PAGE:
Ginsburg: I don't understand the line between meeting with these terrorist organizations, discussing things with them [both of which the law permits, according to the government], and instructing them on how they can pursue their goals through lawful means….I still am having trouble with the line of what they can communicate and what they can't.

Roberts: "Expert advice or assistance"—I don't know sitting down that I could tell you…how to advocate for [a] peaceful…resolution or whatever. Is that expert advice? Is that specialized knowledge?

Alito: Could you explain how someone could be a member of one of these organizations [which the government says is permitted] without providing a service to the organization? Simply by lending one's name as a member, that might be regarded as a service. If you attended a meeting and you helped to arrange the chairs in advance or clean up afterwards, you would be providing a service to the organization.

Even Scalia said he did not understand why "material support" does not include joining a terrorist group. "I would have guessed that you are providing a service or personnel when you make yourself a member of the organization," he said.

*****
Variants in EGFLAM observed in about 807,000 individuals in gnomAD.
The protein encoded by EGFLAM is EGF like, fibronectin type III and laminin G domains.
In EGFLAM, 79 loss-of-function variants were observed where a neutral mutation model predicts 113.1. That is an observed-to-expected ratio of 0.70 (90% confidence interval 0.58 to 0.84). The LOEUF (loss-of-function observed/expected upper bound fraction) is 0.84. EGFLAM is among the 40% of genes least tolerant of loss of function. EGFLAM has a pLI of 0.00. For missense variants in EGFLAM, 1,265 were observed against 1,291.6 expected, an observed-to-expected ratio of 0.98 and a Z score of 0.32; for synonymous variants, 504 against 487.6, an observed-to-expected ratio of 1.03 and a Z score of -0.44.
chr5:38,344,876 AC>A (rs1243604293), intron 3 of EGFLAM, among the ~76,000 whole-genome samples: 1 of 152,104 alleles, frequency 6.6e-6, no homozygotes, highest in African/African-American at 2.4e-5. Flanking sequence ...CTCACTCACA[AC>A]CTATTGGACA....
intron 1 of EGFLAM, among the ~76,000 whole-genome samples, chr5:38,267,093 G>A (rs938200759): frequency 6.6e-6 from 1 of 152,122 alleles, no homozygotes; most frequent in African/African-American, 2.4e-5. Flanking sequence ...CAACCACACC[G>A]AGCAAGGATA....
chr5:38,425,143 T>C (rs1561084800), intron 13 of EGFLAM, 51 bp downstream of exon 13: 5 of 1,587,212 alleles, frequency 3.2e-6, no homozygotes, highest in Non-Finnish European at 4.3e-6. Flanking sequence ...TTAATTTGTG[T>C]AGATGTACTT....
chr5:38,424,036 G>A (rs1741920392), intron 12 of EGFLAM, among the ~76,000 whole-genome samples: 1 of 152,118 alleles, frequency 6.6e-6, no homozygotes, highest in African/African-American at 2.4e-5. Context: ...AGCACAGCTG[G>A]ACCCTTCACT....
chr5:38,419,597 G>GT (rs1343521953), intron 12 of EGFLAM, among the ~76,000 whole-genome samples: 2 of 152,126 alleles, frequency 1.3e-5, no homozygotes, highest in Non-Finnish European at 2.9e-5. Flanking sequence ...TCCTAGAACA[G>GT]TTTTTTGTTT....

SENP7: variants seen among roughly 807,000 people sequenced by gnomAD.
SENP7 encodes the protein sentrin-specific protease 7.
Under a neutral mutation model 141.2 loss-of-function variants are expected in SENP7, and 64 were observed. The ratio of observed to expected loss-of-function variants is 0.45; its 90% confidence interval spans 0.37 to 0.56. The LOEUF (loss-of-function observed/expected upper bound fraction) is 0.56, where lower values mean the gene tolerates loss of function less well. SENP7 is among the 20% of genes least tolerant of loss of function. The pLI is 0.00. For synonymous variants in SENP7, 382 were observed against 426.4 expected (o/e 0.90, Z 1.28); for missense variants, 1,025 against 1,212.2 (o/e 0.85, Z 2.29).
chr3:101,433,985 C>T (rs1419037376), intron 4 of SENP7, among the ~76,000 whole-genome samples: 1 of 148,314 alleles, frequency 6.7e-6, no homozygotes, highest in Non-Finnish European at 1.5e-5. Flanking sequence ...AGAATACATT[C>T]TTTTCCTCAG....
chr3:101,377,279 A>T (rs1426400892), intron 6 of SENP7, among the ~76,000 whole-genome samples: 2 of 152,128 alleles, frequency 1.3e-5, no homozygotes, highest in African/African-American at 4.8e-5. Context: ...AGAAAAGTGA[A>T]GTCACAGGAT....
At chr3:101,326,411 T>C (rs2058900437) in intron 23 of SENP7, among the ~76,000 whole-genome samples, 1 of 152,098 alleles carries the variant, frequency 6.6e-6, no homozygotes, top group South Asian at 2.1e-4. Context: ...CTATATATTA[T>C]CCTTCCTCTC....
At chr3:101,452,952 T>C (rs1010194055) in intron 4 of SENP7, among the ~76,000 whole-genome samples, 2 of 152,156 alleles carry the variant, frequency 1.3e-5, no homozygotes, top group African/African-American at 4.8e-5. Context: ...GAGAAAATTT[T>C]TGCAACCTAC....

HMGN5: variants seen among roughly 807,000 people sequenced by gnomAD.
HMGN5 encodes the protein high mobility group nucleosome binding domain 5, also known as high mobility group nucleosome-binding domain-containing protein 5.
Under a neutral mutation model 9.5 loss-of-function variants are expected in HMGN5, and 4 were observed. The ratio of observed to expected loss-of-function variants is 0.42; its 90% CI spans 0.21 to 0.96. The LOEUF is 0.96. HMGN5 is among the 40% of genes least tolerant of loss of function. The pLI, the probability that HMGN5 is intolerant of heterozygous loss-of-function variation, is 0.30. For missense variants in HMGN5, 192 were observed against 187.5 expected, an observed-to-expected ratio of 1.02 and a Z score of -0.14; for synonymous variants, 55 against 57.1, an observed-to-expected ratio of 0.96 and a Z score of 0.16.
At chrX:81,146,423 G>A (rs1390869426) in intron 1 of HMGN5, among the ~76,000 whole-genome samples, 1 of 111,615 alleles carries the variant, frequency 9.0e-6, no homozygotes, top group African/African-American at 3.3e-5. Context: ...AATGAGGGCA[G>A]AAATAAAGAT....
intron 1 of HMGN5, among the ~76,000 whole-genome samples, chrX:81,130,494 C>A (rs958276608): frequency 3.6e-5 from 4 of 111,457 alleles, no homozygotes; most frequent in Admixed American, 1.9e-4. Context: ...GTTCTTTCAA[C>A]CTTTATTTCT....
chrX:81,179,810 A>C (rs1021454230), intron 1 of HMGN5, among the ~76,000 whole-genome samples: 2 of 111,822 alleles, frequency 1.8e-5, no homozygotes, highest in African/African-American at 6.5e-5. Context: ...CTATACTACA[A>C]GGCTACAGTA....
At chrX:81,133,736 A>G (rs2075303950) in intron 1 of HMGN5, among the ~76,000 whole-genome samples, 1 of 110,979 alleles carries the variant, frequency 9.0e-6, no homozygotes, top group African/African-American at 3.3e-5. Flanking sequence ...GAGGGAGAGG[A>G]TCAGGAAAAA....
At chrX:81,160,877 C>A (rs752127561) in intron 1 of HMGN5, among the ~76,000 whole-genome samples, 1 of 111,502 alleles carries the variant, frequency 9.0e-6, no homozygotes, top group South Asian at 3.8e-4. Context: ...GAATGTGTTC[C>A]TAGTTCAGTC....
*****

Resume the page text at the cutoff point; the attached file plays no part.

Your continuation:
Defending the statute, Solicitor General Elena Kagan repeatedly assured the Court that people are still free to say whatever they like, provided they do so independently, without engaging in prohibited "coordination" with a terrorist group. But the petitioners argue that the statute leaves that line fuzzy and that the ban on "service," as explained by the government, seems to encompass independent advocacy. Noting that the statute itself says it should not be read to abridge First Amendment rights, they urge the Court to interpret it as requiring "proof of intent to further the designated organization's illegal activities when applied to pure speech and association."

The transcript of the oral arguments is here (PDF).

NEXT: The Paulpocalypse

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  1. Why doesn’t congress just pass a law that says “Doing bad things is a federal offense punishable by up to life in prison”?

    Then nobody would do bad things and life would be a bowl of cherries.

  2. Defending the statute, Solicitor General Elena Kagan repeatedly assured the Court that people are still free to say whatever they like, provided they do so independently, without engaging in prohibited “coordination” with a terrorist group.

    Oh, that’s the same Kagan that is the next SC nominee? I’m not disturbed at all.

    1. It’s her duty to defend the law and present arguments in favor of it. That’s her job description. It would be interesting to hear her personal views on the law but I doubt will ever hear it.